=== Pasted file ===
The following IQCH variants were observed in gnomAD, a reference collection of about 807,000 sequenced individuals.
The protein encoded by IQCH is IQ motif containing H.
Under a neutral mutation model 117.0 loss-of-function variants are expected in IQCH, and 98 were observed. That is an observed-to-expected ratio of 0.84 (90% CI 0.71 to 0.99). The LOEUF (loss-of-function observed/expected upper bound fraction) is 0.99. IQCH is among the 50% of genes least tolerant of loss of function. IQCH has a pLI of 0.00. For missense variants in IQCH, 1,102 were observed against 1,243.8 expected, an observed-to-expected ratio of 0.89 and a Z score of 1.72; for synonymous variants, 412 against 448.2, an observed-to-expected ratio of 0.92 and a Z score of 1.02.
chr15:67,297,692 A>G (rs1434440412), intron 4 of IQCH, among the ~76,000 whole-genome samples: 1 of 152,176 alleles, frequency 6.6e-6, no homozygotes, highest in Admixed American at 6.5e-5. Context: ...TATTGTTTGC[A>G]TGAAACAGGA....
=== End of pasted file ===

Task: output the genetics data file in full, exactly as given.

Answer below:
The following IQCH variants were observed in gnomAD, a reference collection of about 807,000 sequenced individuals.
The protein encoded by IQCH is IQ motif containing H.
Under a neutral mutation model 117.0 loss-of-function variants are expected in IQCH, and 98 were observed. That is an observed-to-expected ratio of 0.84 (90% CI 0.71 to 0.99). The LOEUF (loss-of-function observed/expected upper bound fraction) is 0.99. IQCH is among the 50% of genes least tolerant of loss of function. IQCH has a pLI of 0.00. For missense variants in IQCH, 1,102 were observed against 1,243.8 expected, an observed-to-expected ratio of 0.89 and a Z score of 1.72; for synonymous variants, 412 against 448.2, an observed-to-expected ratio of 0.92 and a Z score of 1.02.
chr15:67,297,692 A>G (rs1434440412), intron 4 of IQCH, among the ~76,000 whole-genome samples: 1 of 152,176 alleles, frequency 6.6e-6, no homozygotes, highest in Admixed American at 6.5e-5. Context: ...TATTGTTTGC[A>G]TGAAACAGGA....